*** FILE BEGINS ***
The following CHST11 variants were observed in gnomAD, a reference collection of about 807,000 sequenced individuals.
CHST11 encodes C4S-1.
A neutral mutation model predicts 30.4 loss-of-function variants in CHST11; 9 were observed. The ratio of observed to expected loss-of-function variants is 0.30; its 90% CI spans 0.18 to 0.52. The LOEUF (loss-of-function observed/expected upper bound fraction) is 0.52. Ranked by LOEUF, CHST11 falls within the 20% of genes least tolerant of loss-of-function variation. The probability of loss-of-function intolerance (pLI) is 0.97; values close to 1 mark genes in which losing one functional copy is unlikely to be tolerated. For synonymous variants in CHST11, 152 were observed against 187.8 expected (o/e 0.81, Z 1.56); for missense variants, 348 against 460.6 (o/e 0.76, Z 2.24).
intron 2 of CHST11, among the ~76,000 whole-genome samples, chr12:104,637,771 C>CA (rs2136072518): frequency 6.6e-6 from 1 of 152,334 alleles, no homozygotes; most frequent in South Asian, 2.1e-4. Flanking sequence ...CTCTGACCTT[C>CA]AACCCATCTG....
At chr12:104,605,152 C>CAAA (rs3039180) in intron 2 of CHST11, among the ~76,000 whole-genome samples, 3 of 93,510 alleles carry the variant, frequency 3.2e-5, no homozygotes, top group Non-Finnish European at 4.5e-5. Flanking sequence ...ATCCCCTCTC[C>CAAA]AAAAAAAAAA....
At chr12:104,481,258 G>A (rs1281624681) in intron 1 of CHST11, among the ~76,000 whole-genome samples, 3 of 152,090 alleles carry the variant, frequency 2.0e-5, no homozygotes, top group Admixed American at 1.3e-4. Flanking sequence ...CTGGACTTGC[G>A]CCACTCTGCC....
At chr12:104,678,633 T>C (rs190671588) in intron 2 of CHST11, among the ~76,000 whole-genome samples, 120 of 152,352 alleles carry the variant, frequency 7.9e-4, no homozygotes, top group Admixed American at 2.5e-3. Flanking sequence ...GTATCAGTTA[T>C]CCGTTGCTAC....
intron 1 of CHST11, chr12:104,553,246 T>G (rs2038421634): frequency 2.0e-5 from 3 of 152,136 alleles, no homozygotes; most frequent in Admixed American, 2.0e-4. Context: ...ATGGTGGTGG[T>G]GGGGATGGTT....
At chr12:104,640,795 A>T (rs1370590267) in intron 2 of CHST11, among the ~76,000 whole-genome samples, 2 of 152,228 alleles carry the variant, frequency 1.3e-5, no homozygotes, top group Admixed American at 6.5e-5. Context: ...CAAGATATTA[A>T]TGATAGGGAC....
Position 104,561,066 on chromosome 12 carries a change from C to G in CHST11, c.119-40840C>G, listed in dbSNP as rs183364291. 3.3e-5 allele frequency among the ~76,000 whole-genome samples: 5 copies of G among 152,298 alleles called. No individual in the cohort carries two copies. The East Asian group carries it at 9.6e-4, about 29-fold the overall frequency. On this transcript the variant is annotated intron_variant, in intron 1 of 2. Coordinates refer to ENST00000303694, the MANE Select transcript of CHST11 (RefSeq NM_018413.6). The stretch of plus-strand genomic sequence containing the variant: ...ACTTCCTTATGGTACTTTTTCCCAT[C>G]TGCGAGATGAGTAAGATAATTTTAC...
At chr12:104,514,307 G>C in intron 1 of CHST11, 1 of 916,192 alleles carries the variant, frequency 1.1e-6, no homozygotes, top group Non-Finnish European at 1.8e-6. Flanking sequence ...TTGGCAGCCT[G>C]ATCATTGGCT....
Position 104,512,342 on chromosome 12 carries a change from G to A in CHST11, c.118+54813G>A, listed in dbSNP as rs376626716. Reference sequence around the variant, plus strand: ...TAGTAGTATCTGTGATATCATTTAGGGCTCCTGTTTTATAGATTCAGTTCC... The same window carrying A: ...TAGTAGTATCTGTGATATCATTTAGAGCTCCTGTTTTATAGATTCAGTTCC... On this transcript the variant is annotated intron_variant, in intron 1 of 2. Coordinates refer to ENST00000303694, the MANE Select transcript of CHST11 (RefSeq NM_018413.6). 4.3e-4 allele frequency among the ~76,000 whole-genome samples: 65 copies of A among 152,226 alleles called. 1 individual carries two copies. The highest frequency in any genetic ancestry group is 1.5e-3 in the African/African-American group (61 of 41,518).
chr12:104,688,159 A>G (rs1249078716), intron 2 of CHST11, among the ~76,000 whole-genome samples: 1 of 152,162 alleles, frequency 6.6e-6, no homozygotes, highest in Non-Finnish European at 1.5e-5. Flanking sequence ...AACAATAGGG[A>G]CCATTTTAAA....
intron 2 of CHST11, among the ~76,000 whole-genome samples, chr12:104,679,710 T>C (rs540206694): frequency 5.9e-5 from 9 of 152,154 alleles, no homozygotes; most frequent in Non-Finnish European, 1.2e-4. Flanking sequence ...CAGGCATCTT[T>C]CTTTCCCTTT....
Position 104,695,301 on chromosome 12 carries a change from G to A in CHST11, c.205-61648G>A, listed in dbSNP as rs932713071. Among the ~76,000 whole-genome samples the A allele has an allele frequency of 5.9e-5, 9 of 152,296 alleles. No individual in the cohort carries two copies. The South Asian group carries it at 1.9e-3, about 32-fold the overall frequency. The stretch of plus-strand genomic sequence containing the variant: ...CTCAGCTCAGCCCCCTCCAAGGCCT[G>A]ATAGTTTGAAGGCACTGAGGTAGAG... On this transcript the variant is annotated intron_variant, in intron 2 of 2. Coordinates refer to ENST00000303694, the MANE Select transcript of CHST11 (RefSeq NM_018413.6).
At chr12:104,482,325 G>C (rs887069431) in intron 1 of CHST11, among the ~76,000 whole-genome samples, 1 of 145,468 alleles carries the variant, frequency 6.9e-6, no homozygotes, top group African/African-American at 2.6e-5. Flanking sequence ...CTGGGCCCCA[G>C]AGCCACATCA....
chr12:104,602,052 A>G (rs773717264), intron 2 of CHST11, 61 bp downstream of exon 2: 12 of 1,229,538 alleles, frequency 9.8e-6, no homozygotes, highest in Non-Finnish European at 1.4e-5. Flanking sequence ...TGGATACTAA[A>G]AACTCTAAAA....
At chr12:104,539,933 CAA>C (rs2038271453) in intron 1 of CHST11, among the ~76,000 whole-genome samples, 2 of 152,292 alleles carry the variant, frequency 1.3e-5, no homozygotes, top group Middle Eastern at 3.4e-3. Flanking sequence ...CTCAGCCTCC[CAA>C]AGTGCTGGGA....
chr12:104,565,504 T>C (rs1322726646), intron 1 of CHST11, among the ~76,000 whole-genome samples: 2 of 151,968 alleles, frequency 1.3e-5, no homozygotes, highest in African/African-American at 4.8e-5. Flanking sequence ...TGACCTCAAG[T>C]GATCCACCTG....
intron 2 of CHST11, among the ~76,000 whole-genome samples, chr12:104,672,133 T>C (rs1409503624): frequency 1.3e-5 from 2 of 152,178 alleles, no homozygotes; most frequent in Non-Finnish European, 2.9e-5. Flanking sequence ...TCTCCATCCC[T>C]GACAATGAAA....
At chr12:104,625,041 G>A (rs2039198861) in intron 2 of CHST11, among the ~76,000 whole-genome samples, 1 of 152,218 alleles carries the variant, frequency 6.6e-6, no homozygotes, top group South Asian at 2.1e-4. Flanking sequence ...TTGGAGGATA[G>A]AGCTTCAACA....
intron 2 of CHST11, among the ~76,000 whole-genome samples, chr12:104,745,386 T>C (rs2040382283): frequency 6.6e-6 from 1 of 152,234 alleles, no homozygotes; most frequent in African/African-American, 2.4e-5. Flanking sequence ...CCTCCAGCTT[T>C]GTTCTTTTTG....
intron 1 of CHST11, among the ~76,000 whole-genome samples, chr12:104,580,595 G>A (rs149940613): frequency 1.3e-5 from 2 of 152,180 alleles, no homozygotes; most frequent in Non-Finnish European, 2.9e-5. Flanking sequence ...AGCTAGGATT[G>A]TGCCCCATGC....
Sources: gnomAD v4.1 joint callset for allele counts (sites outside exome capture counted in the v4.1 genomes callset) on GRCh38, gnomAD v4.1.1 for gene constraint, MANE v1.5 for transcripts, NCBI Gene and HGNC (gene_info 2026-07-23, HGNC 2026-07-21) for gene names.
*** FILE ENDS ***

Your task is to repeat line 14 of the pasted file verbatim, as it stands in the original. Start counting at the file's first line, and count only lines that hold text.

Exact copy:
intron 2 of CHST11, among the ~76,000 whole-genome samples, chr12:104,679,710 T>C (rs540206694): frequency 5.9e-5 from 9 of 152,154 alleles, no homozygotes; most frequent in Non-Finnish European, 1.2e-4. Flanking sequence ...CAGGCATCTT[T>C]CTTTCCCTTT....